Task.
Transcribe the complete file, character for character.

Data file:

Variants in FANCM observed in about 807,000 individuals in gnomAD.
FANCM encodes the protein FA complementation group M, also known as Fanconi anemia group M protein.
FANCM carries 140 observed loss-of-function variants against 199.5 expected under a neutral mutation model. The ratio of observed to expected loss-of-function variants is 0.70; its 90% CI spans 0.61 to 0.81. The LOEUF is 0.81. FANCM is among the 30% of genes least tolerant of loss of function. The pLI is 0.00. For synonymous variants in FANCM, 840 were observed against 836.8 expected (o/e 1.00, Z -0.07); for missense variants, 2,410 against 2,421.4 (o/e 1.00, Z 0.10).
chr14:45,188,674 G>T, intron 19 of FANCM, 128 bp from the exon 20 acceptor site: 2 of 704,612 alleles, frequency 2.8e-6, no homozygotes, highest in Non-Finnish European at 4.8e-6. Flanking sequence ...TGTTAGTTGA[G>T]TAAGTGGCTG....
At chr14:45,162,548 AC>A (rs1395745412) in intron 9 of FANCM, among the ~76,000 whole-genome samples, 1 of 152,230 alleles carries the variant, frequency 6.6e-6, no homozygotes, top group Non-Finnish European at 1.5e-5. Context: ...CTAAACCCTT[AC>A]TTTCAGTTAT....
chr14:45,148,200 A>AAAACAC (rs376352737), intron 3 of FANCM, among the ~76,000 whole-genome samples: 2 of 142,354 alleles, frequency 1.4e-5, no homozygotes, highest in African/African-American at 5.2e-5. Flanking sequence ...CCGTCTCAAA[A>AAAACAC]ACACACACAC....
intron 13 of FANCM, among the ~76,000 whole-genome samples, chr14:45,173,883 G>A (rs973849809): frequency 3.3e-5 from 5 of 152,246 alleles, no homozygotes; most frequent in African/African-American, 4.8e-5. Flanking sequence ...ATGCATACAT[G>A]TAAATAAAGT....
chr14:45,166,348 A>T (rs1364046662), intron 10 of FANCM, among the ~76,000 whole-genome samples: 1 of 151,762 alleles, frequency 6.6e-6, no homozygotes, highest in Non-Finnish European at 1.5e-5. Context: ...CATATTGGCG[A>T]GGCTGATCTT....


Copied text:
Variants in FANCM observed in about 807,000 individuals in gnomAD.
FANCM encodes the protein FA complementation group M, also known as Fanconi anemia group M protein.
FANCM carries 140 observed loss-of-function variants against 199.5 expected under a neutral mutation model. The ratio of observed to expected loss-of-function variants is 0.70; its 90% CI spans 0.61 to 0.81. The LOEUF is 0.81. FANCM is among the 30% of genes least tolerant of loss of function. The pLI is 0.00. For synonymous variants in FANCM, 840 were observed against 836.8 expected (o/e 1.00, Z -0.07); for missense variants, 2,410 against 2,421.4 (o/e 1.00, Z 0.10).
chr14:45,188,674 G>T, intron 19 of FANCM, 128 bp from the exon 20 acceptor site: 2 of 704,612 alleles, frequency 2.8e-6, no homozygotes, highest in Non-Finnish European at 4.8e-6. Flanking sequence ...TGTTAGTTGA[G>T]TAAGTGGCTG....
At chr14:45,162,548 AC>A (rs1395745412) in intron 9 of FANCM, among the ~76,000 whole-genome samples, 1 of 152,230 alleles carries the variant, frequency 6.6e-6, no homozygotes, top group Non-Finnish European at 1.5e-5. Context: ...CTAAACCCTT[AC>A]TTTCAGTTAT....
chr14:45,148,200 A>AAAACAC (rs376352737), intron 3 of FANCM, among the ~76,000 whole-genome samples: 2 of 142,354 alleles, frequency 1.4e-5, no homozygotes, highest in African/African-American at 5.2e-5. Flanking sequence ...CCGTCTCAAA[A>AAAACAC]ACACACACAC....
intron 13 of FANCM, among the ~76,000 whole-genome samples, chr14:45,173,883 G>A (rs973849809): frequency 3.3e-5 from 5 of 152,246 alleles, no homozygotes; most frequent in African/African-American, 4.8e-5. Flanking sequence ...ATGCATACAT[G>A]TAAATAAAGT....
chr14:45,166,348 A>T (rs1364046662), intron 10 of FANCM, among the ~76,000 whole-genome samples: 1 of 151,762 alleles, frequency 6.6e-6, no homozygotes, highest in Non-Finnish European at 1.5e-5. Context: ...CATATTGGCG[A>T]GGCTGATCTT....